Former U.S. Secretary of State Hillary Clinton on Friday received the Radcliffe Medal, which annually honors a recipient whose life and work have had a “transformative impact on society.”Addressing the annual May gathering at the Radcliffe Institute for Advanced Study, departing Dean Lizabeth Cohen presented Clinton with the medal as hundreds of Radcliffe alumnae and Harvard luminaries looked on. Cohen cited Clinton’s extensive career as a lawyer and champion for the rights of women and children, as first lady, as U.S. senator from New York, as secretary of state, and as the Democratic nominee for president in 2016. Clinton was the first woman nominated by a major party for that office.“She has lived a life of public service. She uses her fierce intellect and determination to create meaningful social and political change. She displays the courage demanded of those who go first,” Cohen told the audience at the Radcliffe Day luncheon, reading the medal’s citation. Previous medalists include U.S. Federal Reserve Chair Janet Yellen, U.S. Supreme Court Associate Justice Ruth Bader Ginsburg, and former U.S. Sen. Elizabeth Dole.Hillary Clinton has a wide-ranging conversation with Massachusetts Attorney General Maura Healey ’92. Stephanie Mitchell/Harvard Staff PhotographerPrior to receiving her award, Clinton sat down with Massachusetts Attorney General Maura Healey ’92 for a wide-ranging conversation about her life, work, and thoughts on the state of the nation.Assessing the current situation with North Korea, Clinton said she was hopeful that American officials can regroup after plans for talks between President Trump and North Korean leader Kim Jong-un fell through this week. But she cautioned U.S. leaders to enter into future talks with their “eyes wide open,” ready to “push as hard as possible.”She recalled that when you’re in the White House situation room, trying to come to an agreement on a difficult decision, you need to have “as much information — dare I say facts and evidence — as you possibly could, in order to advise and then make the best decisions.”But even with all the best information, “There’s no guarantee that the decision you make will be the right one,” she said, recalling her part in advising President Barack Obama about whether to target the suspected Pakistan hideout of terrorist leader Osama bin Laden in 2011.“It was by no means a 100-to-nothing decision. And it certainly wasn’t a decision that could be made by the gut of the president,” she said. Instead it was a decision that was made after advisers carefully considered the evidence, assessed the risks, and offered informed opinions. “Of course, the president has to make the decision,” Clinton said. “There is no way that I can imagine important life-or-death decisions being made without that kind of thoughtfulness, and the State Department has a deep reservoir of people with experience.“I am hoping that people who are currently in the government, not political appointees, will stay as long as they can, fighting for facts and evidence and our values,” she said, “and I hope that people, if they are so motivated, will still go into our government.”Clinton said she has been inspired by the many women, some of them political newcomers, who have been running for office in recent months, a development that she is supporting through her new political action organization, called Onward Together. She said she also finds the rise of young advocates for common-sense gun-safety laws “thrilling.”,Discussing her early years, Clinton recalled that her mother, who had worked to support herself during high school, was an inspiration “who guided me and picked me back up when I was knocked down.” She urged her listeners to think about how to “develop empathy and kindness in our children, for themselves and for others.” She also urged her listeners to speak up and speak out, encouraging them to defend the importance of a free press and higher education, to vote in “every election, not just for the national election,” and to “find an issue that you really care about and go deep and go long.”“We are living through a time when fundamental rights, civic virtue, freedom of the press, even facts and reason, are under assault like never before, but we are also witnessing an era of new moral conviction, civic engagement, a sense of devotion to our democracy and our country,” she added in closing remarks.During the afternoon session, Madeleine Albright, who from 1997‒2001 was the first woman to serve as secretary of state and was also the 2001 Radcliffe Medalist, praised Clinton for her dedication and devotion to the country. “She takes seriously the words that symbolize what this country’s all about,” Albright said, “that all men and women are created equal, and that our shared purpose should be about liberty and justice for everyone regardless of race, creed, gender, sexual orientation, or whether someone arrived in this land as an immigrant or refugee.”Radcliffe Day was also something of a prelude to farewell for Cohen, who is stepping down as dean on June 30 after leading Radcliffe since 2011. During her tenure, Cohen helped re-envision the institute’s academic mission, bringing experts from myriad disciplines to engage with the Harvard community. She also oversaw a range of physical improvements to the campus, helped integrate the arts further into programming and campus life, and led the Radcliffe Campaign, the institute’s branch of Harvard’s capital campaign, which raised $87 million.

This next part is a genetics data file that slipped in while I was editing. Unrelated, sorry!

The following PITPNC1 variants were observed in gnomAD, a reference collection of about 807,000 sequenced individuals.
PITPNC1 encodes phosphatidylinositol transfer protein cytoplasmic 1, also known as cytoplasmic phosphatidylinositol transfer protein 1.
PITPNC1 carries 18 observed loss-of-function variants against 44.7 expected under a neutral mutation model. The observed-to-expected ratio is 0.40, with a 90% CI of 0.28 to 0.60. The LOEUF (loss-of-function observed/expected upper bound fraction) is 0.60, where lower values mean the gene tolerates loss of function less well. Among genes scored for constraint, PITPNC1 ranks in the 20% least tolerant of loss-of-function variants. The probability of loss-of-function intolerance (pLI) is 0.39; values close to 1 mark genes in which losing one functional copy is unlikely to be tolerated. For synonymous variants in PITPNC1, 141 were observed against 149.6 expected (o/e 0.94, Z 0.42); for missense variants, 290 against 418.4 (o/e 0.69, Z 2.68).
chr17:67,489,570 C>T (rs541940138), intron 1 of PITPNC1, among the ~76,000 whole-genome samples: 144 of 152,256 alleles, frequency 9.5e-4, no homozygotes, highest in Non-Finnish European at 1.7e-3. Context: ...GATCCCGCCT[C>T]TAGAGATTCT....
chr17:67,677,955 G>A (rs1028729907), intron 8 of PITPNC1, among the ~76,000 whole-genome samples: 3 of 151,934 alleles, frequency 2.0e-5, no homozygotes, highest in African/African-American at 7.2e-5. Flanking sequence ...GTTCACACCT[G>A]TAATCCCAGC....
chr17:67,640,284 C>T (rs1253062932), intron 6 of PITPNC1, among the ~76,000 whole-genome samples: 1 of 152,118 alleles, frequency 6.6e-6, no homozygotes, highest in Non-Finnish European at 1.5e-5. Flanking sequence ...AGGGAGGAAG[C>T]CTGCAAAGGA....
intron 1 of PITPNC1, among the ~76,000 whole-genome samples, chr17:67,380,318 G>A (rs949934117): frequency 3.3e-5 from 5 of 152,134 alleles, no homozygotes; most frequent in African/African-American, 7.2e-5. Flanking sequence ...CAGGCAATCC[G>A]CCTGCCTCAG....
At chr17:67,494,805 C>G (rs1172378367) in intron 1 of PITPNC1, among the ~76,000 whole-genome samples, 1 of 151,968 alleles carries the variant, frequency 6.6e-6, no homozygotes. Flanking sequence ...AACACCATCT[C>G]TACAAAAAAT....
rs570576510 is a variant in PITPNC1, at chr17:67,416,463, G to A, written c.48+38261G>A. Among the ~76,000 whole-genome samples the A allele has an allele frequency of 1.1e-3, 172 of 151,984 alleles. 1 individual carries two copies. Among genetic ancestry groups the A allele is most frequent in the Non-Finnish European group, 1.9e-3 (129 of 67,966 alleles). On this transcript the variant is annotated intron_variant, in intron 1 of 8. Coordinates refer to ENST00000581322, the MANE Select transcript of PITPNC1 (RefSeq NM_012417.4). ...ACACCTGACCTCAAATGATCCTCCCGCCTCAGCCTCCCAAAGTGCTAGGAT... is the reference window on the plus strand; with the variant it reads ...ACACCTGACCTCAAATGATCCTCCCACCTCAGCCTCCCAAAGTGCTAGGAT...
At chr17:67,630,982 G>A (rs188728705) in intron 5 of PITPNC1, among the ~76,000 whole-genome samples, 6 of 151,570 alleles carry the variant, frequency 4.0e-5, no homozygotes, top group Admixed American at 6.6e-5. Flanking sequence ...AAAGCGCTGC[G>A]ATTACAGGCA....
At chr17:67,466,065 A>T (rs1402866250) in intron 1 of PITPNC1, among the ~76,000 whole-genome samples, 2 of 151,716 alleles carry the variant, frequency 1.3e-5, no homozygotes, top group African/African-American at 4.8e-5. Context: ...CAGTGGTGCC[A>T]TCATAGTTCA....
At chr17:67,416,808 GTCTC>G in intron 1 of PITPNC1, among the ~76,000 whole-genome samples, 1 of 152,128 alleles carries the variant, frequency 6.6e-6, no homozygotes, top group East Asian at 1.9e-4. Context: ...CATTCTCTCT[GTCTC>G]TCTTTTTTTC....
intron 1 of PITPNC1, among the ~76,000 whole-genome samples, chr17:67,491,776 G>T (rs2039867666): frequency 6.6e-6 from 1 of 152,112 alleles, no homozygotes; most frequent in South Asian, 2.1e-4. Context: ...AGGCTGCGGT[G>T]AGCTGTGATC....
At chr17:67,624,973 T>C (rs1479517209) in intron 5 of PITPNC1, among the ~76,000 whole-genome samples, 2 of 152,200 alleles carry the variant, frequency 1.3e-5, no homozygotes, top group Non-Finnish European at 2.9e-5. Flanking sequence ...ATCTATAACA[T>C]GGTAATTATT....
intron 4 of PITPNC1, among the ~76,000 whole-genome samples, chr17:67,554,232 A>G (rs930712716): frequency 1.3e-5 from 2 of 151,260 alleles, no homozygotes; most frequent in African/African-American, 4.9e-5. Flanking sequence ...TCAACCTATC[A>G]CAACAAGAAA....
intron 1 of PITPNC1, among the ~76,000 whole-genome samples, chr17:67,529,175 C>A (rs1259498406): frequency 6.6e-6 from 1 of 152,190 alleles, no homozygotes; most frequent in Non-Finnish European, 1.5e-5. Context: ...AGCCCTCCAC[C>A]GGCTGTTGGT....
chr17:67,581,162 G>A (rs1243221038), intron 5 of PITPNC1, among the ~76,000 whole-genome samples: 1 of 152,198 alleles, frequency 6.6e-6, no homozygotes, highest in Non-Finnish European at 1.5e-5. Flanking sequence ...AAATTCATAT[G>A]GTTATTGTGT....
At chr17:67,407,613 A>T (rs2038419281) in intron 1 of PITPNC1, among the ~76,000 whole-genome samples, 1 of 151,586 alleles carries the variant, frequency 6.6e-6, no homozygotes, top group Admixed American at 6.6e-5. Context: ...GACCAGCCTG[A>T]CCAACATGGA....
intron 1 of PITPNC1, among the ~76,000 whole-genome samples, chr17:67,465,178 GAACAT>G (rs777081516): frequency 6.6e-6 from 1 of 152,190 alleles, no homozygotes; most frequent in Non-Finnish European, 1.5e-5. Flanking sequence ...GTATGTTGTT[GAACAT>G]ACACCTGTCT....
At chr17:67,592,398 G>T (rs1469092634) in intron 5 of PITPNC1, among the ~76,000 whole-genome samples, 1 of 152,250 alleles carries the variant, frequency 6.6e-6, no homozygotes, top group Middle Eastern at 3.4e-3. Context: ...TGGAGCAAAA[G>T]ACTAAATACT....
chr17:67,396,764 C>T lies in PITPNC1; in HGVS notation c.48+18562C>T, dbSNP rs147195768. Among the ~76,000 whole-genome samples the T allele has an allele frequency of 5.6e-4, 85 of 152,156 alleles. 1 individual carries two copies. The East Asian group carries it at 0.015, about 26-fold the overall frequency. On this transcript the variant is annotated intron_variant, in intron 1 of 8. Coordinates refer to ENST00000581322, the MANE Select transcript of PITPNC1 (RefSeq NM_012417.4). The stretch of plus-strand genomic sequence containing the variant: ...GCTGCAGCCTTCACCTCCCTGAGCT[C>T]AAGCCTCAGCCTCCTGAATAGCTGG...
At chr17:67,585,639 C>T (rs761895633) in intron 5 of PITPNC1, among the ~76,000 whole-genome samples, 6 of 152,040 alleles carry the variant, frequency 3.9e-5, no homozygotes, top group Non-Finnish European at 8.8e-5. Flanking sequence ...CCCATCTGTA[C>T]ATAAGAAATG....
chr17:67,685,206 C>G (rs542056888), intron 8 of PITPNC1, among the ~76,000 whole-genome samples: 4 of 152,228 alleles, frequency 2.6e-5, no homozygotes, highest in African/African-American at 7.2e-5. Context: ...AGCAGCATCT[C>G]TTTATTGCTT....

Former Montana state regulator blasts Colstrip bill, says NorthWestern will benefit, consumers will pay FacebookTwitterLinkedInEmailPrint分享Montana Public Radio:NorthWestern Energy is asking Montana lawmakers to back a bill that would allow them to bypass some oversight by state regulators.The so-called Montana Energy Security Act of 2019 passed out of the Senate late last week. It would give NorthWestern, the state’s largest monopoly utility company, the ability to forgo some regulation by Montana’s elected Public Service Commission. They’d be allowed to pass on to customers the costs of purchasing of a bigger share of the Colstrip coal-fired power plant. Critics say that wouldn’t be fair to customers.Travis Kavulla is a former chairman of the Montana Public Service Commission (PSC), and a sharp critic of the bill NorthWestern is lobbying for. He’s now the energy policy director at R-Street, a free market think-tank based in Washington, D.C.“If a usually regulated utility gets to buy something, but without regulatory oversight, I’d guess I’d call that deregulation,” Kavulla says. “The bill very plainly allows NorthWestern to charge consumers $75 million plus an unspecified amount of decommissioning and remediation costs. I’ve never seen in my experience any piece of legislation like this anywhere in the United States, which allows a monopoly from which consumers don’t have a choice in service, to essentially set rates for them that they have to pay.”The bill would allow NorthWestern to buy 150 megawatts of power generating ability at Colstrip without PSC oversight. It would increase its 30 percent share at one of the Colstrip units to 50 percent, for the outlined purchase price of $1. The legislation also allows $75 million in potential costs to be passed onto customers, without regulatory oversight for a decade.“As to the idea that Colstrip might be saved by this transaction, I disagree with the premise. I think it’s as likely as not that this move hastens of closure of Colstrip. So, I think we’re actually introducing quite a bit of risk into this. But it all comes back to the bottom line, that NorthWestern is a business and it should be expected to act like a business. You shouldn’t need to play this mother-may-I game with the Montana Legislature when Montana law already gives NorthWestern every authority and permission it would need to exercise this option that they’ve negotiated behind closed doors.”More: Colstrip bill: Deregulation is in the eye of the beholder